At the founding of Rome, the gods were numina, divine manifestations, faceless, formless, but no less powerful. The idea of gods as anthropomorphized beings came later, with the influence from Etruscans and Greeks, whose gods had human form. Some of the Roman Gods are at least as old as the founding of Rome.
The concept of numen continued to exist and it was related to any manifestation of the divine. For the Romans, everything in nature is thought to be inhabited by numina, which explains the large number of deities in the Roman pantheon. Numina manifest the divine will by means of natural phenomena, which the pious Roman constantly seeks to interpret. Great attention is paid to omens and portents in every aspect of Roman daily life.
A group of twelve gods called Dii Consentes (also Dii Complices) is especially honored by the Romans:
- Iuppiter - or Jupiter, King of the gods; god of the sky, thunder, and justice
- Iuno - Queen of the gods and of the heavens; goddess of women, marriage, and motherhood
- Minerva - goddess of wisdom, crafts, and strategic battle
- Vesta - goddess of the hearth and the Roman state
- Ceres - goddess of fertility, agriculture, nature, and the seasons
- Diana - goddess of the hunt, the moon, virginity, and childbirth, twin sister of Apollo
- Venus - goddess of love, beauty, desire, and fertility
- Mars - warrior god of honour, valour, and fertility; father of Romulus, the founder of Rome
- Mercurius - or Mercury, messenger of the gods; god of commerce, speed, thieves, and trade
- Neptunus - or Neptune, god of the sea, earthquakes, and horses
- Volcanus - or Vulcan, god of the forge, fire, and blacksmiths
- Apollo - god of light, healing, music, poetry, prophecy, archery and truth
These are the ones listed by the poet Ennius about the 3rd Century, BCE. Their gilt statues stood in the Forum, later apparently in the Porticus Deorum Consentium. As there were six male and six female, they may well have been the twelve worshiped at the lectisternium of 217 BC.
The number 12 was taken from the Etruscans, which also worshipped a main pantheon of 12 gods. Nevertheless, the Dii Consentes were not identified with Etruscan deities but rather with the Greek Olympian gods (though the original character of the Roman gods was different from the Greek, having no myths traditionally associated). The twelve Dii Consentes are lead by the first three, which for the Capitoline Triad. These are the three cornerstones of Roman religion, whose rites were conducted in the Capitolium Vetus on the Capitoline Hill.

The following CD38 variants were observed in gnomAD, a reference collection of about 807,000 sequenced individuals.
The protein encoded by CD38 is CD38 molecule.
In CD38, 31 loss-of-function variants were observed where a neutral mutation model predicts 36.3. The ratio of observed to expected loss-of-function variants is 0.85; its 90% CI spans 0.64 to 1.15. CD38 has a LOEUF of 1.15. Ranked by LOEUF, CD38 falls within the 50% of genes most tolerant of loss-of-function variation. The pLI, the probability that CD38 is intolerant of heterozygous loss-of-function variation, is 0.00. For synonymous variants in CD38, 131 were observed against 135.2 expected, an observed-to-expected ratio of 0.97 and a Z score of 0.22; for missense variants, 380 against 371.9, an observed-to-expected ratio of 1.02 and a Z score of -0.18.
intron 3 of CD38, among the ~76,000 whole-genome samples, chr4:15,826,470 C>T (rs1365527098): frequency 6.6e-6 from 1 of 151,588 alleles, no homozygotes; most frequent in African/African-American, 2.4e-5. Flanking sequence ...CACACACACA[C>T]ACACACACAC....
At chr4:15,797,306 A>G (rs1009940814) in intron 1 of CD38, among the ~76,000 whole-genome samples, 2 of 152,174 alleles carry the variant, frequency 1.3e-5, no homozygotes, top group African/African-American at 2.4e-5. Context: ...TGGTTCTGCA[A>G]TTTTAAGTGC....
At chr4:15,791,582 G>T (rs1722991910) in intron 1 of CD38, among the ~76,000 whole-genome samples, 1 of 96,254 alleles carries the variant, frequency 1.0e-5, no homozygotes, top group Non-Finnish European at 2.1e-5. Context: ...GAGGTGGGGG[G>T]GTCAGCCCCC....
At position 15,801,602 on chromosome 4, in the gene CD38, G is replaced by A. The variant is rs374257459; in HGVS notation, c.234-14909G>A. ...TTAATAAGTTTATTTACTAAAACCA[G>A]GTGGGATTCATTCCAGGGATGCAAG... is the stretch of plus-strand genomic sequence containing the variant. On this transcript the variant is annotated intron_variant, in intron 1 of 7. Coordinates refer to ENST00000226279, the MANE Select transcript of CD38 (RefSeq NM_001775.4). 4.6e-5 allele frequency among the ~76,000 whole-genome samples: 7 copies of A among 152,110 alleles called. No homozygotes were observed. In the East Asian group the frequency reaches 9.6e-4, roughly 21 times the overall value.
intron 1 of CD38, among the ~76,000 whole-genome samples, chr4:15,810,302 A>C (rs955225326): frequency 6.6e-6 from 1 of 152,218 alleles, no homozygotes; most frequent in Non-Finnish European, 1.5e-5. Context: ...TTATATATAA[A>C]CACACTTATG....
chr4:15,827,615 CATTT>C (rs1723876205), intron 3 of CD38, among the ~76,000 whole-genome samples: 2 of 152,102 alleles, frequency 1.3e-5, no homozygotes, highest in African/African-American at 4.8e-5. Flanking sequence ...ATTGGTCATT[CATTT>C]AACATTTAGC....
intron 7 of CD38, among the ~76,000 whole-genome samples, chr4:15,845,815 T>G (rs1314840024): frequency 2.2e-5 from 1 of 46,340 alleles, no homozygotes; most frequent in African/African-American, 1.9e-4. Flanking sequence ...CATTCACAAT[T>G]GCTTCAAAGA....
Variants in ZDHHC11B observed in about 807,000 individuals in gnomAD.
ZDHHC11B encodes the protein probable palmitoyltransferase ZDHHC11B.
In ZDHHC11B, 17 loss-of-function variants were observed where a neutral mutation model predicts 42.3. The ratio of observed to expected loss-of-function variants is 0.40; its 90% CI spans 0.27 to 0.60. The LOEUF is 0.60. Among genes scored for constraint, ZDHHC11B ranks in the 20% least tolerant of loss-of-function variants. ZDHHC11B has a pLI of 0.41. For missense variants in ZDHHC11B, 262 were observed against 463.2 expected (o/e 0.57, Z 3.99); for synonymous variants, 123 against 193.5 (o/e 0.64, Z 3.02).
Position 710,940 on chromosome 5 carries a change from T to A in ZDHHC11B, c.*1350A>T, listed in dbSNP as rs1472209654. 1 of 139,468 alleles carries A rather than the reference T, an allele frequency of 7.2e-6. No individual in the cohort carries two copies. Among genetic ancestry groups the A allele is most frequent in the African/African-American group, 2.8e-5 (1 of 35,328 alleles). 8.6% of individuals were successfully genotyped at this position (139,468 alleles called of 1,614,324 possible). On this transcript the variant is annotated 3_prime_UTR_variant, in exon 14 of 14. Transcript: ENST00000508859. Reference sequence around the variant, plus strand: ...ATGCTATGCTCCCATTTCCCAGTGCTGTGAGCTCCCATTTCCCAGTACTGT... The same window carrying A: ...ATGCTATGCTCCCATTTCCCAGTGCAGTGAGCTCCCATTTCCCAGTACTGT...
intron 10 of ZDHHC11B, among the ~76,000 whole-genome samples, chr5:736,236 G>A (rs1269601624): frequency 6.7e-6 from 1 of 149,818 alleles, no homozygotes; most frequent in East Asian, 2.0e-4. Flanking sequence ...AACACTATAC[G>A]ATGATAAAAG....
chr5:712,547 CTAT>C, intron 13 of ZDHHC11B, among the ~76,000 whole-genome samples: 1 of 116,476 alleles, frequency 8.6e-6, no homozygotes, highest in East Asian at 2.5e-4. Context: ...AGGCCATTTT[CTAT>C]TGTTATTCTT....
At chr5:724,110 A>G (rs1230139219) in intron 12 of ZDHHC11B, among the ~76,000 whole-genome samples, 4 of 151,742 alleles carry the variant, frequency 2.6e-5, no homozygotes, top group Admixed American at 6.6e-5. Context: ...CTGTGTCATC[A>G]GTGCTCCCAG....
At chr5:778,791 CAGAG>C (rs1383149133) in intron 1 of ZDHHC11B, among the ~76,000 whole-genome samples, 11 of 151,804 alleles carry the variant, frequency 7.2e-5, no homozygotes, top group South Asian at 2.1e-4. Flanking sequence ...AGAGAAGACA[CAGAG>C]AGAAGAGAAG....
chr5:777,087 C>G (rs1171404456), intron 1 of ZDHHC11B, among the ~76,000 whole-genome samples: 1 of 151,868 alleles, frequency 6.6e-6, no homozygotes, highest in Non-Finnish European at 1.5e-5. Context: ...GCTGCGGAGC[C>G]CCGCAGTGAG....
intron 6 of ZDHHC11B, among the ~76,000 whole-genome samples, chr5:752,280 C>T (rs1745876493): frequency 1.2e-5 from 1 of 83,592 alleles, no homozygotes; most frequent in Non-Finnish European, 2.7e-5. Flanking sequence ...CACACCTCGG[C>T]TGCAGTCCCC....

What better characterizes the traditional Roman religion is the household or family cult of the Dii Familiares. In this cult, the Lar Familiaris (guardian spirit - Genius - of the family), the Lares Loci (guardian spirits of the place where the house is built), the Genius of the pater familias (house-father), the Dii Penates (patron gods of the storeroom), the Dii Manes (spirits of the deceased) and a multitude of other domestic deities are daily worshipped by the members of the family. The household cult is so important that it even serves as the model for several practices of the state cult (e.g. there were the Lares Praestites, Penates Publici) Even during the Empire, the imperial cult came to be based on the household cult, now interpreted as the cult of the Genius of the emperor, pater familias of the family of all the Romans).
There is also a group of mysterious deities formed by native tutelary deities, river gods or deified heroes from Latium which are collectively called Dii Indigetes (e.g. deified Aeneas, Faunus, Sol Indiges, Iuppiter Indiges, Numicus). A multitude of other deities is also traditionally worshipped, which includes tutelary deities (e.g. Roma, Tiberinus), native Latin deities (e.g. Bellus, Bellona, Liber, Libera), abstract deities such as Fortuna (Fortune), Concordia (Concord), Pax (Peace), Iustitia (Justice), etc.
Pre-Roman native Italian deities mainly adopted from the Sabines and Etruscans are also worshipped: Nerio (Sabine deity and the consort of Mars), Dius Fidius (Sabine as well), etc. In fact, Quirinus and Vertumnus were also adopted respectively from the Sabines and Etruscans.
The pious spirit of the Romans consists of a constant wish to bring the favour of the divine upon him, the family and the state. As such, the Roman is naturally willing to pay the deserved homage and sacrifice to foreign deities, specially if he is in their land. In order to achieve victory in war, the Romans often asked the favour of the gods of their enemies, paying them sacrifices even greater than those offered by their own people. This spirit joined by the affluence of foreigners which resulted either from trade or conquest, brought new cults to Rome. These were as expected democratically adopted by permitting the priests of these gods to establish temples in Rome. Among the foreign deities, the Dii Novensiles, are Apollo, Ceres (these were adopted as early as to allow them to become part of the Dii Consentes), Bacchus (Dionysus), Sol Invictus, Isis, Serapis, Magna Mater (Cybele), Attis, Mithras and many others.
The Dii Inferi, gods of the Underworld (Inferus) are Dis (Orcus) and Proserpina, equated to the Greek gods Hades/Pluton (Pluto in Latin) and Persephone. These gods symbolize the creative power of the Earth which provide human beings the means for subsistence (Dis = wealth = Pluton in greek). The Inferus is also traditionally regarded as the home for the spirits of the dead, though the concept of afterlife was quite varied.
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The Roman Pantheon
For more specific information on the Roman Pantheon, see List of Roman Dieties
Pages in category "Roman Gods"
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